I’m a sucker for old games – there’s nothing quite like picking up a game which holds a sense of nostalgia and stands the test of time years later.
Only one of these two criteria were fulfilled when I began playing Borderlands Legendary Collection on the Nintendo Switch, which contains the first three games of the franchise: Borderlands (2009), Borderlands 2 (2012) and Borderlands: The Pre-Sequel (2014).
But this is not to the bundles’ discredit: I had never played any Borderlands game before this review, so nostalgia was out of the question.
I confess I was trepidatious when I agreed to take on a review of an unfamiliar, 11-year-old first person shooter game ported to a handheld console – I had resigned myself to the probable eventuality of enduring a poor-looking port (especially after reading my colleague’s assessment of The Outer Worlds’ Switch port).
But my not knowing a single thing about the Borderlands franchise ended up serving me well – I was pleasantly surprised when I opened Borderlands (2009) and the highly stylised art direction and animation didn’t seem like it was from the same year that Barack Obama first took office.
The games played well visually, and the respectable 30 frames per second ensured that gameplay flowed, with no lagging or glitching – although the fps on the Switch is still a far cry from its PS4, Xbox One and PC counterparts at 60 fps.
Possibly by virtue of being a ported first-person shooter on the Switch, the controls did at times feel a bit clunky.
This was especially evident in the aim mechanics, which didn’t seem as fluid and seamless as similar games on the PS4. Auto-aim did help with this somewhat, but my unshakable (and probably misguided) belief that such a mechanic is a cop-out led me to invest more time than usual mastering the games’ aiming.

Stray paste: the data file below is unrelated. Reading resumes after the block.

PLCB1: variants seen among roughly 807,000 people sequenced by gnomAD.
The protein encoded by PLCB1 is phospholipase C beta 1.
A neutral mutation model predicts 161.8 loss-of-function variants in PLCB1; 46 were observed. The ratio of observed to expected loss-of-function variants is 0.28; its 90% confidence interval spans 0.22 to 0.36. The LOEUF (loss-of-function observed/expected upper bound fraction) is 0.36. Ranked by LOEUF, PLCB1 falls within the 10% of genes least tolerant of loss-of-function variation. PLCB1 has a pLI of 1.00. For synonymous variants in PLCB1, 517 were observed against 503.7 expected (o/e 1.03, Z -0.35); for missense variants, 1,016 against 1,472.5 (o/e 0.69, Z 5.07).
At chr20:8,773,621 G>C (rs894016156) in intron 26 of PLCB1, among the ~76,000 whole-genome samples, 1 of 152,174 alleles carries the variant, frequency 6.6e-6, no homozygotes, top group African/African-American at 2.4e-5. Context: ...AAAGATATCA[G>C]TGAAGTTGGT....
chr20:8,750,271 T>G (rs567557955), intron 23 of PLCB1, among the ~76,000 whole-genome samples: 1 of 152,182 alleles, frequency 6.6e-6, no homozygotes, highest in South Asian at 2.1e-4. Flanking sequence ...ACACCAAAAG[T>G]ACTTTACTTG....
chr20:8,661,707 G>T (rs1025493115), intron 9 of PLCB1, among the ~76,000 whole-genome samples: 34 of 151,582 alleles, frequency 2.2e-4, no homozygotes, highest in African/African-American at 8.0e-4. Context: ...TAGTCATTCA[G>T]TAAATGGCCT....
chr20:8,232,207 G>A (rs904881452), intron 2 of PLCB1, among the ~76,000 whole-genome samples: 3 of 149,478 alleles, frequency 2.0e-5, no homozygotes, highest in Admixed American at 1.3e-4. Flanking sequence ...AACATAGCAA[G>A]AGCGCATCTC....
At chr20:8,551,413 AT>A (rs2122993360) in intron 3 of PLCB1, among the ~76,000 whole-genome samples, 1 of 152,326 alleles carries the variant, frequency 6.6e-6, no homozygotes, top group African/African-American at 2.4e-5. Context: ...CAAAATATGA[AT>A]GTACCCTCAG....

As a first-time player, I thoroughly enjoyed the loot-centric gameplay, which led to more customisation than I knew what to do with, and more gun variants and mods than I knew could ever exist in a single game – with these features only getting richer and more extensive with the sequels.
This gameplay did eventually get tiresome, however, as it began to feel like the whole experience was a grind to find weapons which were only marginally better or worse than the one currently equipped.
As a traditional fan of story-focused action RPGs, I found myself wanting more nuanced story-telling, with the majority of gameplay focusing on getting handed missions from NPCs or bulletin boards and setting out towards a map marker.
While this allowed me to take in the game’s world in its unique, comic-book art style, after a few hours this became repetitive and I began craving more autonomy and free-exploration. This is, however, probably due more to my preference for open-worlders than any faults in the Borderlands games.
The Borderlands Legendary Collection for the Nintendo Switch was surprisingly good to look at for a Switch port, and as a first-time player, the games’ style and gameplay were suitable enough for the Switch, apart from some small hiccups in controls. While the overall gameplay is not really my thing, I still had fun playing with the immensely customisable weapons and innovative in-game world.